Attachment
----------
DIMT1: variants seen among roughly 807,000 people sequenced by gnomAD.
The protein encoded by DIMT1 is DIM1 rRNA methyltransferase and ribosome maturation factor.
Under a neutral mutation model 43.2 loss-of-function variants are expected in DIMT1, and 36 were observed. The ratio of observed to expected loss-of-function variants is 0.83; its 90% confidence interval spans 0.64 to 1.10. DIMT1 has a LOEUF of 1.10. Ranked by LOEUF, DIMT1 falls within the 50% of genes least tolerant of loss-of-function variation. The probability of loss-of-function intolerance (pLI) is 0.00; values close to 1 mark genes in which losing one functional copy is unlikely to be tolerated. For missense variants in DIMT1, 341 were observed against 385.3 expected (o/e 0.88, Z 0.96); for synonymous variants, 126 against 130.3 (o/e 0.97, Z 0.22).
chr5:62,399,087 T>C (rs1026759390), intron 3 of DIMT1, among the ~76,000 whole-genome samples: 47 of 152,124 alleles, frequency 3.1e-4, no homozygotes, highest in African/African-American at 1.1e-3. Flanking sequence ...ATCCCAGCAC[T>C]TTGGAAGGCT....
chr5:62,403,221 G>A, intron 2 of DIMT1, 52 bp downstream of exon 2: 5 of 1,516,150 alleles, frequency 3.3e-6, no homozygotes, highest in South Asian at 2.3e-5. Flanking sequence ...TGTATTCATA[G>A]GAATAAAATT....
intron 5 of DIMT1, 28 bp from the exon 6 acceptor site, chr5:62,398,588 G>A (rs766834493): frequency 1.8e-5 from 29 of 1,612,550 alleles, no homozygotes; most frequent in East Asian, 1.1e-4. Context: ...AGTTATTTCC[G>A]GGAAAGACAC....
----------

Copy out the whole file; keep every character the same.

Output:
DIMT1: variants seen among roughly 807,000 people sequenced by gnomAD.
The protein encoded by DIMT1 is DIM1 rRNA methyltransferase and ribosome maturation factor.
Under a neutral mutation model 43.2 loss-of-function variants are expected in DIMT1, and 36 were observed. The ratio of observed to expected loss-of-function variants is 0.83; its 90% confidence interval spans 0.64 to 1.10. DIMT1 has a LOEUF of 1.10. Ranked by LOEUF, DIMT1 falls within the 50% of genes least tolerant of loss-of-function variation. The probability of loss-of-function intolerance (pLI) is 0.00; values close to 1 mark genes in which losing one functional copy is unlikely to be tolerated. For missense variants in DIMT1, 341 were observed against 385.3 expected (o/e 0.88, Z 0.96); for synonymous variants, 126 against 130.3 (o/e 0.97, Z 0.22).
chr5:62,399,087 T>C (rs1026759390), intron 3 of DIMT1, among the ~76,000 whole-genome samples: 47 of 152,124 alleles, frequency 3.1e-4, no homozygotes, highest in African/African-American at 1.1e-3. Flanking sequence ...ATCCCAGCAC[T>C]TTGGAAGGCT....
chr5:62,403,221 G>A, intron 2 of DIMT1, 52 bp downstream of exon 2: 5 of 1,516,150 alleles, frequency 3.3e-6, no homozygotes, highest in South Asian at 2.3e-5. Flanking sequence ...TGTATTCATA[G>A]GAATAAAATT....
intron 5 of DIMT1, 28 bp from the exon 6 acceptor site, chr5:62,398,588 G>A (rs766834493): frequency 1.8e-5 from 29 of 1,612,550 alleles, no homozygotes; most frequent in East Asian, 1.1e-4. Context: ...AGTTATTTCC[G>A]GGAAAGACAC....